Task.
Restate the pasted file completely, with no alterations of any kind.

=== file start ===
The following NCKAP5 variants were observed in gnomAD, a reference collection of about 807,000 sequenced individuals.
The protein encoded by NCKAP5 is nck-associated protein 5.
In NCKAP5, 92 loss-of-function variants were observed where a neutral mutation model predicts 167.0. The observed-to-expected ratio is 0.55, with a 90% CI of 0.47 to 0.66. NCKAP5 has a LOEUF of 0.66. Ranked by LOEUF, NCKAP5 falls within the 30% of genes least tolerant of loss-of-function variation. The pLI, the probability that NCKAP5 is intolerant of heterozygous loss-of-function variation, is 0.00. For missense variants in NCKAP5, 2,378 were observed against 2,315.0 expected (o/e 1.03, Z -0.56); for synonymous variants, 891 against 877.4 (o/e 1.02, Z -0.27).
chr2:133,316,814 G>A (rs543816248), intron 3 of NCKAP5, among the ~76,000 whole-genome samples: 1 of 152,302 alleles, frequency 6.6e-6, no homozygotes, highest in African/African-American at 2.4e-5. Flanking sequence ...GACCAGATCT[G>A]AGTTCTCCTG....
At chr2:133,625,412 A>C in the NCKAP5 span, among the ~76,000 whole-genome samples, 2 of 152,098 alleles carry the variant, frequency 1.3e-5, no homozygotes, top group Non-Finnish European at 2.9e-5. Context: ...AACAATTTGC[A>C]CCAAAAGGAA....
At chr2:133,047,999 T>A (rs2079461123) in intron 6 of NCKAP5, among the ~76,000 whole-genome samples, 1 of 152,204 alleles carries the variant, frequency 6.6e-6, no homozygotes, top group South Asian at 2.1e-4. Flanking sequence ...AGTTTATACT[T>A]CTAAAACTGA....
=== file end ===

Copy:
The following NCKAP5 variants were observed in gnomAD, a reference collection of about 807,000 sequenced individuals.
The protein encoded by NCKAP5 is nck-associated protein 5.
In NCKAP5, 92 loss-of-function variants were observed where a neutral mutation model predicts 167.0. The observed-to-expected ratio is 0.55, with a 90% CI of 0.47 to 0.66. NCKAP5 has a LOEUF of 0.66. Ranked by LOEUF, NCKAP5 falls within the 30% of genes least tolerant of loss-of-function variation. The pLI, the probability that NCKAP5 is intolerant of heterozygous loss-of-function variation, is 0.00. For missense variants in NCKAP5, 2,378 were observed against 2,315.0 expected (o/e 1.03, Z -0.56); for synonymous variants, 891 against 877.4 (o/e 1.02, Z -0.27).
chr2:133,316,814 G>A (rs543816248), intron 3 of NCKAP5, among the ~76,000 whole-genome samples: 1 of 152,302 alleles, frequency 6.6e-6, no homozygotes, highest in African/African-American at 2.4e-5. Flanking sequence ...GACCAGATCT[G>A]AGTTCTCCTG....
At chr2:133,625,412 A>C in the NCKAP5 span, among the ~76,000 whole-genome samples, 2 of 152,098 alleles carry the variant, frequency 1.3e-5, no homozygotes, top group Non-Finnish European at 2.9e-5. Context: ...AACAATTTGC[A>C]CCAAAAGGAA....
At chr2:133,047,999 T>A (rs2079461123) in intron 6 of NCKAP5, among the ~76,000 whole-genome samples, 1 of 152,204 alleles carries the variant, frequency 6.6e-6, no homozygotes, top group South Asian at 2.1e-4. Flanking sequence ...AGTTTATACT[T>A]CTAAAACTGA....